Behavior is Changeable Our kids are cute and little! We can change our responses We can teach socially expectable ways to get their needs met.
Acronyms to know ABC Antecedent (trigger), Behavior, Consequence. (also known as a Simple FBA) Full FBA Antecedent, Behavior, Consequence. Interviews Data collection FA Functional Analysis Behavior is researched by manipulating consequences.
The ABCs AntecedentBehavior Consequence In this situation… if I do this… I get this! Let’s practice: Write down an example of a specific problem behavior.
The ABCs: Antecedent A In this situation… For example: In non-preferred tasks that include waiting… All the time! It comes out of the blue!
The ABCs: Behavior B if I do this… For example: Jack runs from teacher. He hits, bites and swears at teachers in redirection. Jack is violent Jack is rude
The ABCs: Consequence C I get/get out of this! The consequence doesn’t have to hurt! Nothing happens, he gets away with it. I punish him For Example: He gets to run; everyone looks at him; the teacher chases him; the teacher gives him 1:1 attention; the teacher reprimands him.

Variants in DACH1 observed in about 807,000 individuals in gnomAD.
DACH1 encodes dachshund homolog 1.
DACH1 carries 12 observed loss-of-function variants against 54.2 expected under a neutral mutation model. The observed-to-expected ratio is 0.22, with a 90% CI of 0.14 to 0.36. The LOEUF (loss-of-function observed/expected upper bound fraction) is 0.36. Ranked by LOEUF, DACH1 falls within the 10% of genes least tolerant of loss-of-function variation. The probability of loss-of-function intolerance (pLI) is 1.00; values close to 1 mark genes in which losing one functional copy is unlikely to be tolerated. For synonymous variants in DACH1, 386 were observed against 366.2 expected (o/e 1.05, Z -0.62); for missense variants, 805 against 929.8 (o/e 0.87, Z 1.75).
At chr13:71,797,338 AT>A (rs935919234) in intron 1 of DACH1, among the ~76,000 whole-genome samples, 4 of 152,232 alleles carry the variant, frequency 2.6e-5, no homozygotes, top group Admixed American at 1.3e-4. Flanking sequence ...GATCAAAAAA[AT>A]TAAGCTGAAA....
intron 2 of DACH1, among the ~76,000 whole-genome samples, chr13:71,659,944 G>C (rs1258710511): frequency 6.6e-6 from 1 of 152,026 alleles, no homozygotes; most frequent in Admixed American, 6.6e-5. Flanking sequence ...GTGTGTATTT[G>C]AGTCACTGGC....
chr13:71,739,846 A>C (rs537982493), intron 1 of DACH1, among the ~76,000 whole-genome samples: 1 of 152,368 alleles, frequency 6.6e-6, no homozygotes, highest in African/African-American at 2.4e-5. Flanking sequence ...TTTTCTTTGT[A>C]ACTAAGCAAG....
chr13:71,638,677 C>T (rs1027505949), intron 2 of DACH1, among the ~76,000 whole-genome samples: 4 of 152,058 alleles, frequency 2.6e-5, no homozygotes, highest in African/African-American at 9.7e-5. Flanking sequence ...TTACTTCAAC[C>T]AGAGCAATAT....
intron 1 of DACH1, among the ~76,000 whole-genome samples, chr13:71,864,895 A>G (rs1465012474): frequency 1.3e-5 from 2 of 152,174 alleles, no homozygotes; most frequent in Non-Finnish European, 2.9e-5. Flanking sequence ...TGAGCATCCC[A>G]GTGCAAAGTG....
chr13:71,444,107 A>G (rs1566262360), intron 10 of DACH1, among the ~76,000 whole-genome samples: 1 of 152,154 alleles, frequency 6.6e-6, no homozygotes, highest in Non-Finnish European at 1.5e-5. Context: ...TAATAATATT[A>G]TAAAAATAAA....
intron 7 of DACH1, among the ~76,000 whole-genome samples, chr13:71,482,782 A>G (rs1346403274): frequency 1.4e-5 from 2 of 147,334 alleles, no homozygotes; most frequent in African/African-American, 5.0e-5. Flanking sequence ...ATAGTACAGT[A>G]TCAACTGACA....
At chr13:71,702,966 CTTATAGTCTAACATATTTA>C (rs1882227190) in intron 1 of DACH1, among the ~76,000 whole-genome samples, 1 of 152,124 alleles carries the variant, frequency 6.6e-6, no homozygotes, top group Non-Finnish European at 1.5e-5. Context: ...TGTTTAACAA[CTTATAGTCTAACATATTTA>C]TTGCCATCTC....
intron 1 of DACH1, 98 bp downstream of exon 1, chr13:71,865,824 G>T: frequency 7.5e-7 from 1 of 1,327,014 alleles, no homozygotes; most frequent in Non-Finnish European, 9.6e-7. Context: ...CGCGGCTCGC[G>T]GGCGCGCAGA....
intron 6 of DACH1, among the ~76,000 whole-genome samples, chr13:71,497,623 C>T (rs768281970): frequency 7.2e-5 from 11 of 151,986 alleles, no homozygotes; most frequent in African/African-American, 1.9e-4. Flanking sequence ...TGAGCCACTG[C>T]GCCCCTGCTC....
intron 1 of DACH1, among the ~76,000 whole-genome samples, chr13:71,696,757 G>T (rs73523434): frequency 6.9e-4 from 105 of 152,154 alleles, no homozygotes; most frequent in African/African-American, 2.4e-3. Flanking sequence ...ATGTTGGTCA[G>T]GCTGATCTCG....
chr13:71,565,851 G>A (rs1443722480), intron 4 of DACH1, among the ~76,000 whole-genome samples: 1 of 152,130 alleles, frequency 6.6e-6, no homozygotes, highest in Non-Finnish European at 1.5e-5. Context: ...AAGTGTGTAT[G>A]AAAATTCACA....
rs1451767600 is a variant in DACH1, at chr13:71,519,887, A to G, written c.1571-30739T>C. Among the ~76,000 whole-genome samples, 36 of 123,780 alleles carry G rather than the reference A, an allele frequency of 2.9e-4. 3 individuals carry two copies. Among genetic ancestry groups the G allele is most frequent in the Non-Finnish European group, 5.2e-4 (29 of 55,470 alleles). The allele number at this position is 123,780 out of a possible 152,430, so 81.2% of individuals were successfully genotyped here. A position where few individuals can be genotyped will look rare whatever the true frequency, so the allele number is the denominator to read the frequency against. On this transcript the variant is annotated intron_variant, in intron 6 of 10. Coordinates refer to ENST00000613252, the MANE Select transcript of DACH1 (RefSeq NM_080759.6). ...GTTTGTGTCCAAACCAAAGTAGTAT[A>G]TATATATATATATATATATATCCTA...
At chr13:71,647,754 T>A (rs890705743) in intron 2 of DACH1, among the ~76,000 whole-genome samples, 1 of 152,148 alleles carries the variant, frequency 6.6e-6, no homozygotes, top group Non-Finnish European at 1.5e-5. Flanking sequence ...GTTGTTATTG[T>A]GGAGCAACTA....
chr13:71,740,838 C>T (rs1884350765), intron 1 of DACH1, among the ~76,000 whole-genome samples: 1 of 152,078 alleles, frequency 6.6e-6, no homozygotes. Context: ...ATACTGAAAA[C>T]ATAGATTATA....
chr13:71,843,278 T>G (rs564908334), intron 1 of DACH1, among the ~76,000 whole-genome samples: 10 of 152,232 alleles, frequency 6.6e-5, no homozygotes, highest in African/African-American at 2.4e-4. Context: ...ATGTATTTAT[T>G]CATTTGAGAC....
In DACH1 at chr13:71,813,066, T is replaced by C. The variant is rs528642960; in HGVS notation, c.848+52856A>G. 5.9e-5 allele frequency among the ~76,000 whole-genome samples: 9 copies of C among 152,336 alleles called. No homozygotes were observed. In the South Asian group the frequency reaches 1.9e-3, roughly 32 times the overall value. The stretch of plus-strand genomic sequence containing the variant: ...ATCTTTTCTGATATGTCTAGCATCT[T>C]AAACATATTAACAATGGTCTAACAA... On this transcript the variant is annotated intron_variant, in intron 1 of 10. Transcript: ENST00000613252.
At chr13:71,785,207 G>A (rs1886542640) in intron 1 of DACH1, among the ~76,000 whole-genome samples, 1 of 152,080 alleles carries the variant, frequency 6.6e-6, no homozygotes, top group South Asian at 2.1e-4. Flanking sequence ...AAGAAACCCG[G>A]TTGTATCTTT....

Step 3: collect some data, make some graphs. 11/511/611/711/1211/1311/1411/2611/2722/28
What now? Write a Behavior Plan Plan to change APlan to change BPlan to change C
Practical Strategies: Change the A Make the behavior irrelevant Anticipate problems and plan accordingly Move furniture? Show the child exactly what will happen (pictures) Make sure your requests are at the student’s level Monitor the child’s well being (sick? tired? hungry?) Communicate with parents Decide what you will do Ask for help from your team Be more fun!! You’re never too old to be distracted!
Practical Strategies: Change the B Make the behavior inefficient by teaching a replacement behavior Make his replacement behavior work FAST! Make a social story to teach replacement behaviors. Communicate with parents (is the child doing this at home?) (Story about Buba) Offer limited choices Ask for help from the child Make it a game. Learning good behavior doesn’t have to hurt!
Practical Strategies: Change the C Make the behavior ineffective Natural reinforcers Extinction (removing the reinforcer…it usually gets worse before it gets better) Time out (not as a punishment, but as an (almost) natural consequence) Be firm and kind Check yourself before you wreak yourself Distract and redirect
One last note: The Law For school aged kids it’s the law; for preschool it’s just best practice. Restraining
Getting buy-in with tough parents Note: these are not tough parents. They are my in-laws, and they are lovely.